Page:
News overload (and some Friday Reads)

Just a few things we’d like to draw your attention to before we get to this week’s Friday Reads:

There are just 31 days until the winner of this year’s Carnegie and Kate Greenaway book awards are announced (on Monday 20th June!). We’ve mentioned before how great the CILIP CKG shadowing site is and if you still haven’t visited then we implore you to do so, especially as they have a brilliant selection of Author and Illustration videos in which nominees talk about their work, with a few of them even reading extracts from the books in the running for this year’s prize. To see what we’re talking about and to enter the same CKG video vortex we fell into, visit: http://www.carnegiegreenaway.org.uk/watch.php

The shortlist for the CLPE Children’s Poetry Award was announced this week (details here) and includes some familiar names including Michael Rosen and Roger McGough. Sarah Crossan’s Once- a CKG shortlistee- is also on the list and our office has been particularly captivated by its poetic depiction of conjoined twins Grace and Tippi.

Also in poetry-related news, the Foyle Young Poet of the Year is currently taking submissions for poems written by young people aged 11-17; the deadline is 31st July and winners will be announced on National Poetry Day in October. For more details visit http://foyleyoungpoets.org/

The shortlist for the Royal Society Young People’s Book Prize 2016 (here) brings together six of the best science books aimed at under 14s and it’s a real mix of subjects. It’s brilliant to have an award specifically celebrating the work of authors and illustrators who create engaging non-fiction, and particularly one where winner will be decided by young people themselves!

We published the second edition of our DeLights newsletter online this week, which you can read here; in it you’ll find the latest news about our just-for-schools eBook platform including news, reviews and updates about what’s available. If you would like to subscribe to this (or any of our newsletters), why not send us an email?

Finally: don’t forget you can volunteer to support Norfolk Libraries with the delivery of this year’s Summer Reading Challenge, The Big Friendly Read. We wrote about it here last week, but there’s also some more information on the Norfolk Library and Information Service website here. It’s a brilliant opportunity for 13-25 year olds engage with their local community and to encourage children and young people to keep up their reading over the summer.

Below are this week’s Friday Reads!

Apryl: Once Upon an Alphabet by Oliver Jeffers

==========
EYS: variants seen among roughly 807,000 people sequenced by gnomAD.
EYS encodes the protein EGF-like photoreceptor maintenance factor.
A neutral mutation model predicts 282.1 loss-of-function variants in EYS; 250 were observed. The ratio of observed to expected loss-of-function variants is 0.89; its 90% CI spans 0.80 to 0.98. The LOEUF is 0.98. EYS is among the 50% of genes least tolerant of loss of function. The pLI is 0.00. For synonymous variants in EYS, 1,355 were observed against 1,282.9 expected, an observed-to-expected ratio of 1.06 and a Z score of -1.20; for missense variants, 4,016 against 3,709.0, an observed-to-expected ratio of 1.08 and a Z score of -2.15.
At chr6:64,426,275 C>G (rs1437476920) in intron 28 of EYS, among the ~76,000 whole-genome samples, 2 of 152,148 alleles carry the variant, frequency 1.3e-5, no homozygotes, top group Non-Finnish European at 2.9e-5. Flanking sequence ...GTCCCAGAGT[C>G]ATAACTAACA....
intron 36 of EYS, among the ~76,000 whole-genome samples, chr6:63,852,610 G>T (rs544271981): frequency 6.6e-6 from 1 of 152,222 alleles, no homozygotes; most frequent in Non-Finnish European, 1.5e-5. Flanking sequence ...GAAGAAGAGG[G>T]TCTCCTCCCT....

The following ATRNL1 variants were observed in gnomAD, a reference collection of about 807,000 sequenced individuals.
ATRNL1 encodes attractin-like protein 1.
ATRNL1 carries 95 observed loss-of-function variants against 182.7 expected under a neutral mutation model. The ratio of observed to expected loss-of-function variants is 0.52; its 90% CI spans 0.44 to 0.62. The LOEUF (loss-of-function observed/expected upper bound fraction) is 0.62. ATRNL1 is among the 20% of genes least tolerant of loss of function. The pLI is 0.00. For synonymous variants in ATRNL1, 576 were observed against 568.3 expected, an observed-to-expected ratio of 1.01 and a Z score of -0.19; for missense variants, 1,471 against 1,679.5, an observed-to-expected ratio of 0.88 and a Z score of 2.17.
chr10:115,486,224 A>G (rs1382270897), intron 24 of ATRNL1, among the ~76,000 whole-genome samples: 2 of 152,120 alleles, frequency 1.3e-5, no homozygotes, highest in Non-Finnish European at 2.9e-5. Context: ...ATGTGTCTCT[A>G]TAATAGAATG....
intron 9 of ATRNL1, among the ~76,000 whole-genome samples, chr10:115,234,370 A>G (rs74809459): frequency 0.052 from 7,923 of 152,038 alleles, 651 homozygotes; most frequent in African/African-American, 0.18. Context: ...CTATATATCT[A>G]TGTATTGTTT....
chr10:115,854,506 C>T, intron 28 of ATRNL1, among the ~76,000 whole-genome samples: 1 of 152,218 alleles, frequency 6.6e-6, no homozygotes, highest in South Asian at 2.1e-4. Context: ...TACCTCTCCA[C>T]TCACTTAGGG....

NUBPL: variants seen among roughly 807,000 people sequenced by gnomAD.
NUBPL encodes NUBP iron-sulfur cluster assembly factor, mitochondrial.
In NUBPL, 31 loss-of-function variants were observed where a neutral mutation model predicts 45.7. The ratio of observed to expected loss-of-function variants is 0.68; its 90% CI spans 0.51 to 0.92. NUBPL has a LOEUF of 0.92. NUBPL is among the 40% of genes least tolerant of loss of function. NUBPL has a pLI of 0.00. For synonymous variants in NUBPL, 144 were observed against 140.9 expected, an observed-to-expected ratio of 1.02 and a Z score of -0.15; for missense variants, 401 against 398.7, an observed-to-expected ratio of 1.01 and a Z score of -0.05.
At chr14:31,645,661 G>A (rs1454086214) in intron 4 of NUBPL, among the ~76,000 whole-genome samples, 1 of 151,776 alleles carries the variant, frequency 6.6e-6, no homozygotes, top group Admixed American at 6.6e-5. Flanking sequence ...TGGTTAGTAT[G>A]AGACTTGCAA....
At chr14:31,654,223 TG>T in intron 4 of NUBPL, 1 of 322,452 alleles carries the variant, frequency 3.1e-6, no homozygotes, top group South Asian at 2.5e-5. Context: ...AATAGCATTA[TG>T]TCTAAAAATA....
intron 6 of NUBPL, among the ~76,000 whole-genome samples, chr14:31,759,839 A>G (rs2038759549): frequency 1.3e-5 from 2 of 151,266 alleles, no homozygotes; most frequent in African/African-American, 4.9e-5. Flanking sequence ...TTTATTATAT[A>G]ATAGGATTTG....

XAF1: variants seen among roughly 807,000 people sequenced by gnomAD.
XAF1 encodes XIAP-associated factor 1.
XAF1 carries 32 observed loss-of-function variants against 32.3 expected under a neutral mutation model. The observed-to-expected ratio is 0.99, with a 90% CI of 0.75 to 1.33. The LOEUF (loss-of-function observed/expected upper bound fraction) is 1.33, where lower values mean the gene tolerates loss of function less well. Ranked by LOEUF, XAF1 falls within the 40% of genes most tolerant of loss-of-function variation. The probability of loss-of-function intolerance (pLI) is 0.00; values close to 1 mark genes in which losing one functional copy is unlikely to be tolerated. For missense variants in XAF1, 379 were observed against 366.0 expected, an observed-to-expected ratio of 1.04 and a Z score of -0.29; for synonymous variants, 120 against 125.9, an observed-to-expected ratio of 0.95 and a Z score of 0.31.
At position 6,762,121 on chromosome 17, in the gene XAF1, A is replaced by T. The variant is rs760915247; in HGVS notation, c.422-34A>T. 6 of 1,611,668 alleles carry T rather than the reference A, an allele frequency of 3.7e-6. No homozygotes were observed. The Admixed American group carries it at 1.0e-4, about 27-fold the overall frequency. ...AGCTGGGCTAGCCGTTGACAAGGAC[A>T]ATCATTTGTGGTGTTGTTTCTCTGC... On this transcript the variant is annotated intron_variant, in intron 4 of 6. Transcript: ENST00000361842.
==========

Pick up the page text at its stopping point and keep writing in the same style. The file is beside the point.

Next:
AlphabetBecause my progress through the Carnegie shortlist has slowed down considerably (I only have myself to blame), I’ve instead turned my attention to the Kate Greenaway shortlist and this, a mammoth collection of 26 stories, one for each letter of the alphabet. I absolutely adore Oliver Jeffers so for me this book is absolute heaven and an excuse to spend time immersing myself in his wonderful illustrations; my favourites include ‘Cup in the Cupboard’, ‘The Lumberjack’s Light’ and ‘The Terrible Typewriter’, but the full A-Z as a whole would make for a great read-aloud.

(HarperCollins, £20 hardback, ISBN 9780007514274)

Gail: All About Politics

politicsWith the EU referendum imminent and democracy and British values on the curriculum, this book (with a foreward by Andrew Marr) should prove useful. It’s attractively presented and has a variety of chapters exploring questions and ideas such as ‘Do we need someone in charge?’ ‘The Right to Vote’ ‘Build your own Government’ and ‘I’ve got the Power!’. Suitable for Year 5-9.

(Dorling Kindersley, £8.99 paperback, ISBN 9780241243633)

 

Harriet: Usborne Official Astronaut’s Handbook by Louie Stowell, illustrated by Roger Simo

astronautChapter one is headed “So you want to be an astronaut?” Nooo, please, I hate flying in an aeroplane, I don’t even like jumping off a wall, so why would I want to be an astronaut?? But hang on, this little book is so interesting, unsensational and clearly laid out I’m hooked and almost signing up to get up into space with Tim Peake – who has written the foreword. Shortlisted for the SLA’s Information Book Award 2016 (and the Royal Society’s prize mentioned above!), this unpretentious title written in association with the UK Space Agency is full of fascinating information, and is aimed perfectly at KS2 readers.

(Usborne, £6.99 paperback, ISBN 9781409590743, find it here on the NLIS catalogue)

Zoë: Katy Parker and the House that Cried by Margaret Mulligan

katy parkerI really enjoyed this story about Katy and her brother travelling back in time to World War II.

Katy finds herself waking with mysterious injuries and is experiencing repetitive dreams. Her best friend, Lizzie, tries to help her work out what they mean. Meanwhile their class is set a project by the History teacher, about the Home Front and both girls consider ways to complete it. In their town is an abandoned house, said to be haunted, along with an elderly reclusive neighbour who’s called a witch. Patrick, Katy’s younger brother, goads the girls into interviewing the elderly woman as he is sure she will know all about the abandoned house.

Somehow the interviews, Katy’s dreams and mysterious injuries plus the reclusive woman are all tied up with the abandoned house. How do Katy and Patrick discover the connections?

(Black, £5.99 paperback, ISBN 9781472908780)

You can find the rest of our Friday Rad recommendations here.

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